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A step forward in motor function

A step forward in motor function
Lokomat therapy is a major step forward locomotion therapy for neuromuscular diseases, with motors from Maxon playing a key role.

People suffering from paraplegia - the partial or full paralysis of the legs - could soon find their prospects of walking radically improved thanks to a new technological therapy, called Lokomat. A greater understanding of motor learning in neurologically-impaired patients has helped inform this new rehabilitation technique. In order to learn a new movement, the body has to be trained, through a very high number of repetitions that imitate the movement exactly.

Locomotion therapy for neuromuscular diseases is not new, but the technology involved in Lokomat brings it into a field of its own. Since the legs are unable to fully move or carry a person's body alone, the patient is supported by a harness and then guided by a pair of robotic legs, which walk at a steady pace on a treadmill. Although the machine is taking most of the weight of the patient, the walking nevertheless feels extremely natural.

The crucial developments are housed in the motorised leg orthoses. Each contains a Maxon drive comprising an RE 40 motor, a gearhead and a brake - all perfectly synchronised with the speed of the treadmill underneath the Lokomat. Software controls the hip and knee joints in real time with physiological response curves, and each of the four axes is carefully monitored to ensure that the walking pattern is followed exactly.

The Lokomat allows the load applied by the patient to be gradually increased as the therapy progresses and supports a flowing and more natural gait. Patients may also change from automated to manual therapy using a couple of small hand grips. The result is a machine that can tirelessly help patients train their bodies to replicate the precise movements that most of us take for granted.

Patients can start to see positive changes after just a few training sessions with Lokomat, with improved step length, frequency and symmetry. But patients aren't the only ones to benefit from this innovation. Previously, the only way to administer locomotion therapy was to have two therapists working with a patient, supporting them on each side. This put a great deal of physical strain on therapists, who might need to help several patients a day. Now the Lokomat bears the weight of the patient, so a single therapist is able to help prepare and watch each patient, without incurring undue strain themselves. What's more, with only one therapist required at once, the Lokomat enables clinics to dedicate twice as much therapy time to each individual. The electronic control panel allows therapists to plot patient's progress more exactly, and plan future work based on detailed feedback.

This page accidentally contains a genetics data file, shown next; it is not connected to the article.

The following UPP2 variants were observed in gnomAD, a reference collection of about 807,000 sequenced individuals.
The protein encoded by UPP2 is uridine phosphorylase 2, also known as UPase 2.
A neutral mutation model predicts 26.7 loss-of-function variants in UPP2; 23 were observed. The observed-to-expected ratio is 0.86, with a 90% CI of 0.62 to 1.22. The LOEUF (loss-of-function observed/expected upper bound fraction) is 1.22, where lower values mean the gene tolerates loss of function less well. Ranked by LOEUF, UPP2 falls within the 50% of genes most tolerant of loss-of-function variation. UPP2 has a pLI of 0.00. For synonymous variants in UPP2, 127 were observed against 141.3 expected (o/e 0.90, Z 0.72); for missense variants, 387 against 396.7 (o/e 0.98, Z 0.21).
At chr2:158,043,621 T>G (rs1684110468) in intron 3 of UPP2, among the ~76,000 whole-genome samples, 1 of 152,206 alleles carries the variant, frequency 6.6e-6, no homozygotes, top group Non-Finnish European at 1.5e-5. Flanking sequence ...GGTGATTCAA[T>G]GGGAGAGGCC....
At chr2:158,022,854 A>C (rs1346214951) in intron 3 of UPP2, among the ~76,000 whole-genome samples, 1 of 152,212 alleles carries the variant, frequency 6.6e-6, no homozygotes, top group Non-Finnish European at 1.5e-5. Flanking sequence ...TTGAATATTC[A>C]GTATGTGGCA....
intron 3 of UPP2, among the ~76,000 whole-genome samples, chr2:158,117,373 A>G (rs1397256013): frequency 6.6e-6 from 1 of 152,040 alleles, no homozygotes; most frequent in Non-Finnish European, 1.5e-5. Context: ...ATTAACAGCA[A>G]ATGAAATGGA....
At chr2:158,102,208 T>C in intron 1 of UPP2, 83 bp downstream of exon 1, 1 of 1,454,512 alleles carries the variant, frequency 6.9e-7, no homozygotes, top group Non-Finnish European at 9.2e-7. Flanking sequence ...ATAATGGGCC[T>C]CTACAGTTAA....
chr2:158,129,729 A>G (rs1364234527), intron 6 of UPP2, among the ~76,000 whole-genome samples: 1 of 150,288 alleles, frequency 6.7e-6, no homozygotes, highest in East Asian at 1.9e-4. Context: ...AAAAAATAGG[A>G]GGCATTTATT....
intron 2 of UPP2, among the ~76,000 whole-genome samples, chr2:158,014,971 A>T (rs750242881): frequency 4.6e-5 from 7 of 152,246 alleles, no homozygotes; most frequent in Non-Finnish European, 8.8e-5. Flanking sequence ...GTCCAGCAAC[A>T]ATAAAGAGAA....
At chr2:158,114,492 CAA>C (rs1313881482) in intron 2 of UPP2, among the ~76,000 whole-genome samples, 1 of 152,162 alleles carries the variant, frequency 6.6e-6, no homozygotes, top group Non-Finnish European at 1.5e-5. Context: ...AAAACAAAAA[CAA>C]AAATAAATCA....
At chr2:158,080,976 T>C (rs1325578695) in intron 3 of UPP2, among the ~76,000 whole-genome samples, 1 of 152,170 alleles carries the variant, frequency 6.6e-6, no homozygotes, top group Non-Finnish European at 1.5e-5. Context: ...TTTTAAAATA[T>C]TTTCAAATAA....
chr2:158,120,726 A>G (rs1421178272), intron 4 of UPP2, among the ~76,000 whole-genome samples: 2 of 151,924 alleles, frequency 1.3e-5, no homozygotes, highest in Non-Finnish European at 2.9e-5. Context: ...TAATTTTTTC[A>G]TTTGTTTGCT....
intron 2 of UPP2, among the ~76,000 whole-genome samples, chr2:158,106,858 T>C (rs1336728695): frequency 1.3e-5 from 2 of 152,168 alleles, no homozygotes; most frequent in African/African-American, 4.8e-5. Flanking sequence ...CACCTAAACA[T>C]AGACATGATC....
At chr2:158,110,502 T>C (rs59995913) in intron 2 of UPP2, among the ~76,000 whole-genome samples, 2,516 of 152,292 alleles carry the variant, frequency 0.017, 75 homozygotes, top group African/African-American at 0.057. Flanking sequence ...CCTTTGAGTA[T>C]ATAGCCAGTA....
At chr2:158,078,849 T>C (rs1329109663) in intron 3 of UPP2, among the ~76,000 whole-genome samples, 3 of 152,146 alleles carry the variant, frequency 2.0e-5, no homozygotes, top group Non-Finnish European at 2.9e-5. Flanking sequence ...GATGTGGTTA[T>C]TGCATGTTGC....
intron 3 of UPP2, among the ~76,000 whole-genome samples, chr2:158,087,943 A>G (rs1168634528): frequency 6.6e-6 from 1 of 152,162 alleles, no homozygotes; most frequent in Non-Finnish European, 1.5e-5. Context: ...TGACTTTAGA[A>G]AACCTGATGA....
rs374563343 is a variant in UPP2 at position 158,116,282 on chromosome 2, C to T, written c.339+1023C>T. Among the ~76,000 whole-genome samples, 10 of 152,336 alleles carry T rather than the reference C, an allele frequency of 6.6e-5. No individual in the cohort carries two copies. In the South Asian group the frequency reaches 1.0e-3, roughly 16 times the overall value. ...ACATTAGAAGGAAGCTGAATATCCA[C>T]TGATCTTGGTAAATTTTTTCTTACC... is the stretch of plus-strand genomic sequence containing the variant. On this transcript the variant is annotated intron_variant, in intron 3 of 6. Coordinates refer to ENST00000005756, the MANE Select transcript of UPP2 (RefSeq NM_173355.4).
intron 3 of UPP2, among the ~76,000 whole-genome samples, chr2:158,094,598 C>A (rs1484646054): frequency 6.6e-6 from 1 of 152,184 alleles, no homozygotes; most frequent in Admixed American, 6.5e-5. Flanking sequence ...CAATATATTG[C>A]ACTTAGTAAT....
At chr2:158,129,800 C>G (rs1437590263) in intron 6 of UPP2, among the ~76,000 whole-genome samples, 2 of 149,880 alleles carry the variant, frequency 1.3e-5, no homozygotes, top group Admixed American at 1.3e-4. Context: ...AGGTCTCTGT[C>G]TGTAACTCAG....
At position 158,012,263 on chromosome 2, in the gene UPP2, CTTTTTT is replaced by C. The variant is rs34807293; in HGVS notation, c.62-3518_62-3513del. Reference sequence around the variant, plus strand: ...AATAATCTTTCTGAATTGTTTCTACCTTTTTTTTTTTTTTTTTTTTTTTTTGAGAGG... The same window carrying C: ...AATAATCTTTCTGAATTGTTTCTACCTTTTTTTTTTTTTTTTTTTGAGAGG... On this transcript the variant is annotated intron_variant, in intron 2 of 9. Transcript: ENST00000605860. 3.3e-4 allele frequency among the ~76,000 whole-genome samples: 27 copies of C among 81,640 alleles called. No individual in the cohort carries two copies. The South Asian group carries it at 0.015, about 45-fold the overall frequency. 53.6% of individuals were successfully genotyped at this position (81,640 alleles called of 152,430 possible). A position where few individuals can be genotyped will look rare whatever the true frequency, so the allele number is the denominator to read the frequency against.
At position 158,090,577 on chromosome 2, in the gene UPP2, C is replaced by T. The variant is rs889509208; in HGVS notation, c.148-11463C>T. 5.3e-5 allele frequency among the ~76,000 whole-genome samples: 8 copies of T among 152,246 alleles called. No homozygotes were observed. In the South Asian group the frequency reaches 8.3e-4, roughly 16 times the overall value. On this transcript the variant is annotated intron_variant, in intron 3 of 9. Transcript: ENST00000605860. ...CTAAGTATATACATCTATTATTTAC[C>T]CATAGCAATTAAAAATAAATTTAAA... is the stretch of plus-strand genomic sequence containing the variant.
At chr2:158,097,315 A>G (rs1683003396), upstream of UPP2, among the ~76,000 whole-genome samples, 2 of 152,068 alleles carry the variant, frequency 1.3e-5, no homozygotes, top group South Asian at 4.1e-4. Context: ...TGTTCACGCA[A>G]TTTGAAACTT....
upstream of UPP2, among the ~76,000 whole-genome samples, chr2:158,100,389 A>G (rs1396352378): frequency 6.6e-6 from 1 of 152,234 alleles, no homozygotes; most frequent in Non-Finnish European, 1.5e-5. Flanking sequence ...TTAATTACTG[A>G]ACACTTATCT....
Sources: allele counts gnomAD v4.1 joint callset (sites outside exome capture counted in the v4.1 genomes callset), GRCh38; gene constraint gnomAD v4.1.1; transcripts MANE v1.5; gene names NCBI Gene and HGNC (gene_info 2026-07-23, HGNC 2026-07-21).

It's not a panacea, but it represents a potentially life-altering step forward in treatment. Around 25% of paraplegic patients can expect to benefit from this technology and the improvement rate doubles in cases of hemiplegia; conditions where one whole side of a patient's body is paralysed. Importantly, the Lokomat isn't just designed for adults. A great deal of time and thought has gone into creating a version that works for children suffering from similar conditions - helping to revolutionise paediatric departments for children suffering from cerebral palsy and other neurological movement disorders.

Lokomat's development
Lokomat's development was a combined effort from Hocoma AG and Balgrist University Hospital - it's an example of the great results that a close collaboration between medical teams and product engineers can bring. Professor Dietz, chief physician and director of the Balgrist University Hospital's Paraplegic Center, explains: "The great advantage for us was the close exchange of ideas between all those involved; without it, we would not have been successful."

This close working relationship was supported in turn by the unusually hands-on role that Maxon Motor played in specifying the components that bring the artificial legs to life. With Maxon working hand-in-hand over a long period with the Lokomat design engineers, the exacting specifications were met, and exceeded. Without the ability to work on a one-to-one basis, the design would have been impossible - due to the incredibly high level of precision required to challenge, but not damage, patients' legs.

The engineers have cited the exceptional dynamics, high power density (the ratio of volume to performance), high reliability, and long service life of maxon components as key points in choosing to work with the company. Senior sales engineer Ian Bell says: "The Lokomat is a stunning piece of engineering, negotiating that difficult line between being too challenging, and not being challenging enough, with apparent ease. The fact that Maxon motors, because of their reliability and sheer precision, now form an integral part of helping to rehabilitate so many disabled people is something that makes us all tremendously proud."

While Lokomat has been developed in Switzerland, it is now being introduced to the global market, so you may even see them appearing in your local hospital soon - the latest step in pushing forward the boundaries of medical technology.
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